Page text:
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VATICAN LETTER Feb-11-2005 (960 words) Backgrounder. With photos. xxxi

Less is more: For many, pope is still leading, but in a different way

By John Thavis
Catholic News Service

VATICAN CITY (CNS) -- Pope John Paul II's 10-day hospitalization for breathing problems has raised new questions about the ability of a pope to govern from a sick bed.

At the same time, it has highlighted Pope John Paul's own recent focus on the special forms of Christian witness offered by the sick and the elderly.

For the 84-year-old pontiff, who suffers from a debilitating neurological disease and arthritis, the hospital stay may have marked another stage in his passage from an activist pope to one who leads primarily through prayer and presence.

The pope raised the issue in an Angelus talk Feb. 6, which an aide had to read for him. The pope said he was spending his time praying continually for the intentions of the church and the world.

"In this way, even here in the hospital, among the other sick people to whom my affectionate thoughts go out, I continue to serve the church and all of humanity," the pope's text said.

Some commentators misinterpreted the remark to mean the pope was asserting that he could still run the church. Rather, he was suggesting that sometimes prayer, not managerial abilities, must take precedence -- even in the papacy.

"The pope doesn't have to be like Schwarzenegger, the governor of California, and give the impression of a superman who governs the church," said French Cardinal Jean-Marie Lustiger, who retired in mid-February as archbishop of Paris.

Cardinal Lustiger said most people see in the pope "a weak, suffering, sick man who continues to be the sign of a compassionate Christ who carries all the suffering in the world."

"If it were like that for 30 years, it might be a little excessive. But the church's government, when it shows it has a man at the head who carries his suffering like we should carry it, with courage and for the good of humanity, it is a great example," Cardinal Lustiger said.

To some, all this sounds like excessive adulation and a failure of the church to confront hard facts.

"Most ends of pontificates have been marked by a type of idolatry ... and with John Paul II the limit has been reached," the French newspaper Le Monde said in a commentary.

"The fiction that this exhausted man is still capable of governing cannot last any longer," it said.

Even inside the Vatican, some have questioned how long the pope, who is expected to grow weaker as his neurological illness progresses, will be able to keep up his teaching role -- through documents, speeches and weekly spiritual talks.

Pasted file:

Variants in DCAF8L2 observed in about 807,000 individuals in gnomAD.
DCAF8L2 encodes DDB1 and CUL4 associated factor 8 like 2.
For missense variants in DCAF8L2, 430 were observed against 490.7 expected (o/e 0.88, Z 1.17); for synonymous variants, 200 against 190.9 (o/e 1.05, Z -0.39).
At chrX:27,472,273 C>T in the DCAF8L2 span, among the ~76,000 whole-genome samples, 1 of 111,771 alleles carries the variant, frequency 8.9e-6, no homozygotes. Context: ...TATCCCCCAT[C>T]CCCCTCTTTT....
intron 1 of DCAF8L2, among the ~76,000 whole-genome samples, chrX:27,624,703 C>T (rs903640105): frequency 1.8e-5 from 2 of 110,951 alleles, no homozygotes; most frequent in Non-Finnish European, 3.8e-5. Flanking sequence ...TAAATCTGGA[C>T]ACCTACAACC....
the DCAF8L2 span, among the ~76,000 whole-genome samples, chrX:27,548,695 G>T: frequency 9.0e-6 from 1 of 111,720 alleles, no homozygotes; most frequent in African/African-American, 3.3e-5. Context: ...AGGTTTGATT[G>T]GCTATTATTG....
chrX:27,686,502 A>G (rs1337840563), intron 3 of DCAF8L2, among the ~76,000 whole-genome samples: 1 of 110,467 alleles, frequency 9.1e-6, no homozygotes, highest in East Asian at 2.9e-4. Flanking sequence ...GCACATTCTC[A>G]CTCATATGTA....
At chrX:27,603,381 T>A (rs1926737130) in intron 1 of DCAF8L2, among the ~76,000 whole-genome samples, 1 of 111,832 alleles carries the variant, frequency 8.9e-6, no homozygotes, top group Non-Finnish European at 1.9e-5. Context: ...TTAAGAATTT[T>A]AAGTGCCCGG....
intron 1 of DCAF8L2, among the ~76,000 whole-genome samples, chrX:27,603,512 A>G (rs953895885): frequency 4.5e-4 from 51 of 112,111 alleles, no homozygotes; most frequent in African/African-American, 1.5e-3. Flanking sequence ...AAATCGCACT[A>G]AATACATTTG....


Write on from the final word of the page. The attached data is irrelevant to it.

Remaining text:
That doesn't bother Jean Vanier, founder of the L'Arche communities for the disabled, who spoke to Vatican Radio.

"Today the pope, more than any encyclical or other document, is by his very presence a sign of holiness," Vanier said.

"The pope is a man who suffers. He suffers physically, but I think he also suffers terribly in his heart. And yet there is something in him extraordinarily luminous and clear," he said.

For Vanier, the pope's suffering has become an inspirational sign for Christians living in a world of poverty and injustice. In this sense, he said, the pope exemplifies St. Paul's statement, "Strength is made perfect in weakness."

That all this is on the pope's mind is clear from the content of his teachings in recent months and years.

The pontiff returned from the hospital just in time for the World Day of the Sick Feb. 11. In his message for the event, the pope said that precisely in times of sickness, people ask hard questions about ultimate realities, including the meaning of pain, suffering and death.

For the Christian, he said, it is a time to understand that "health" goes beyond physical well-being and includes "total harmony with God, with self and with humanity." That understanding is reached through the mystery of Christ's own passion, death and resurrection, he said.

The pope's Lenten message this year also explored a theme with personal overtones: old age and the role of the elderly in the church and society.

The pope wrote about times when illness, age and physical weakness reduce the person's ability to be self-reliant. But far from being a wasted time of life, growing old, if accepted in the light of faith, can be an opportunity to understand the "mystery of the cross," he said.

Vatican officials say the pope does not always bear his own physical burdens lightly. He is typically impatient to resume work during his hospital stays, and over the last two years he has regretted the need to shorten his meetings, sit on the sidelines at liturgies and hand off his speeches for others to read.

Occasionally this impatience shows, as in Switzerland last year when he slapped the hand of an aide who tried to take his text, after the pontiff struggled to pronounce the first few words.

But increasingly, the pope has pointed to the need for people of his age to "focus on that which is essential, giving importance to those things that the passing of years does not destroy," as he said in his Lenten message.

By doing so, the elderly teach something important to their society, especially the younger generations, he said.

Most Vatican officials seem to accept the fact that Pope John Paul's papacy has entered a stage of shorter meetings, fewer documents, less talking and a reduced number of trips. In terms of spiritual impact, however, they are hoping that less is more.

"Of course, he's less active," said one Vatican source. "But even so, he's communicating a powerful message."


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